- Ricoh to buy US OA company
- NewsCorp to start a new satellite channel into Japan?

-> New eavesdropping detection device

General engineering contractor Taisei Corp. has developed a
new eavesdropping bug detector that can find wireless mics
and hidden cameras within 20 seconds of exposure in a
suspect room. The new unit has 16 sensors which detect most
forms of wireless EMF and a camera that provides the unit
operator with a visual fix after the sensor inputs are
triangulated. Current detectors require hand-held
"sweeping" of suspect areas, which takes time, and can miss
well-hidden devices.(Source: TT commentary from, Aug 28, 2008)

-> Now, vitamins for your refrigerator

Hitachi has announced a new refrigerator that not only
evacuates some of the oxygen to reduce the decomposition of
fresh foods, but also emits vapor-borne Vitamin C to
provide antioxidant action on the food as well. Hitachi
says that the new R-Y6000 "slows down the loss of nutrients
in vegetables and of DHA in fish." (Source: TT commentary
from, Aug 29, 2008)

-> Global dollar intervention plan

Reuters reports that the Central Banks of the U.S., Europe,
and Japan were getting ready to intervene in the
international currency markets in order to prop up the US
dollar, back in mid-March when the dollar fell to JPY95.77.
The countries apparently agreed to intervene if the dollar
went into free fall below JPY100 to the dollar, but as it
happened the yen-dollar rate stabilized and now the
dollar has come back 10%. ***Ed: Some conspiracists say
that in fact the intervention did occur, and point to the
dollar's sudden recovery and the rate of foreign-held US
treasuries suddenly increasing by US$60bn as proof.
However, as other commentators have pointed out, Japan
spent around US$200bn to weaken the yen against the dollar
in the early 2000's, and yet had very limited impact. So
was there intervention or wasn't there?** (Source: TT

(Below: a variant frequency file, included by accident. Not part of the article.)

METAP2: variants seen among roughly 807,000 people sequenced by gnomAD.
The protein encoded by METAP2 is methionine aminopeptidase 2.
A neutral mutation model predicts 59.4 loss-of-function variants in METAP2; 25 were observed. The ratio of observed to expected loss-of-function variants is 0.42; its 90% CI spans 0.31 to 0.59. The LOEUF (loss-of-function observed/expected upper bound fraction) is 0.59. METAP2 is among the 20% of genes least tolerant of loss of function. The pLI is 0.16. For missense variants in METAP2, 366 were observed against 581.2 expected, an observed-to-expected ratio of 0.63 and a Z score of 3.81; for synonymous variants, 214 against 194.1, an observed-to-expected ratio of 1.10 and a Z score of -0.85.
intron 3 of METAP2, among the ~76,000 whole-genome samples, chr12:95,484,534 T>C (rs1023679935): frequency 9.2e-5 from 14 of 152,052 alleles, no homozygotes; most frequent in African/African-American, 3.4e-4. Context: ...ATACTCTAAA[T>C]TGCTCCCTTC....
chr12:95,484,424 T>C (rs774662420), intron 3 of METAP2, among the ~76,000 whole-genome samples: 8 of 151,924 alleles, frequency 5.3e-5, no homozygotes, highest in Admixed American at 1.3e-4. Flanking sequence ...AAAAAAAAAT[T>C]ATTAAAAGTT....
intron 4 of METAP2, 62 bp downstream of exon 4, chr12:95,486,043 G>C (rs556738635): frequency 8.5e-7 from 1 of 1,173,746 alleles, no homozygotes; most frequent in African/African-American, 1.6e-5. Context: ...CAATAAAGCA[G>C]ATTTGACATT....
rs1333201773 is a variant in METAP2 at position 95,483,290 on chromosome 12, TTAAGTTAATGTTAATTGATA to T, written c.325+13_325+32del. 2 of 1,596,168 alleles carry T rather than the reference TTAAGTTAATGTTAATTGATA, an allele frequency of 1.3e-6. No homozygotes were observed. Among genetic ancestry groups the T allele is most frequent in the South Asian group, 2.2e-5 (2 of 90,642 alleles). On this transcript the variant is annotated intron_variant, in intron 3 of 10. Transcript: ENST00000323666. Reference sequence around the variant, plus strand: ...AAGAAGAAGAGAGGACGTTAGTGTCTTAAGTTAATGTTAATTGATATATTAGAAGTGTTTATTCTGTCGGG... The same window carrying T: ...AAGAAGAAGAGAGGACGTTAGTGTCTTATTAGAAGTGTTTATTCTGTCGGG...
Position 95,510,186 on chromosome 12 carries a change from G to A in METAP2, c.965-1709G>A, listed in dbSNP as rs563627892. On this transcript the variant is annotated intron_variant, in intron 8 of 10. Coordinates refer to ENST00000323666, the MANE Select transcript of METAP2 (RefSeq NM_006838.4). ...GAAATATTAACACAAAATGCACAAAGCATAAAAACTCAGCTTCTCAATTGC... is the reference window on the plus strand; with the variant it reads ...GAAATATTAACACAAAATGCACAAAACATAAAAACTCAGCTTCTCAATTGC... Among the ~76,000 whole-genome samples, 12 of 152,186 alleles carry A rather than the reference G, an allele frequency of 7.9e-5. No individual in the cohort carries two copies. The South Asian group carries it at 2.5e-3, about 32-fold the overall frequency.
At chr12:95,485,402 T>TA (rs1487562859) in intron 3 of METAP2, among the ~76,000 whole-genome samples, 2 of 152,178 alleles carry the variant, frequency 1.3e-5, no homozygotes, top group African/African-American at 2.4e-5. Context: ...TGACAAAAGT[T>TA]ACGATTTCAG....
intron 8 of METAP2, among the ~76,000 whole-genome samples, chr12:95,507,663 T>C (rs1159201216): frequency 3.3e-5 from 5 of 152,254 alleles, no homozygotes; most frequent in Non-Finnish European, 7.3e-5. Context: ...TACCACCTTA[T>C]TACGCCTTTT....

commentary from, Aug 28, 2009)

-> Ricoh to buy US OA company

Office equipment maker Ricoh has announced that it will buy
out US-based OA equipment distributor Ikon Office Solutions
for US$1.62bn, an 11% premium over Ikon's trading price on
the NYSE. The deal gives Ricoh direct control of 400 sales
locations around the U.S., Canada and Europe AND, allows
them to disconnect rival Canon from that same sales network
if it so chooses. About 40% of Canon's U.S. sales go
through Ikon. ***Ed: This could get interesting! Analysts
are wondering if Canon will put up a counterbid...**
(Source: TT commentary from, Aug 28, 2008)

-> NewsCorp to start a new satellite channel into Japan?

Speculation is mounting from a News Corp announcement that
it will be establishing a fresh subsidiary in Japan,
whether the company is planning to launch a new satellite
channel in Japan. News Corp largely gave up on Japan back
in 2004 after it sold its share of SkyPerfectTV , and more
recently its interests in DirecTV to Liberty Media. The
news of the pending subsidiary came from the Nikkei and so
far no one knows if this is pure speculation or loose lips
on the News Corp team. (Source: TT commentary from, Aug 29, 2008).

NOTE: Broken links
Many online news sources remove their articles after just a
few days of posting them, thus breaking our links -- we
apologize for the inconvenience.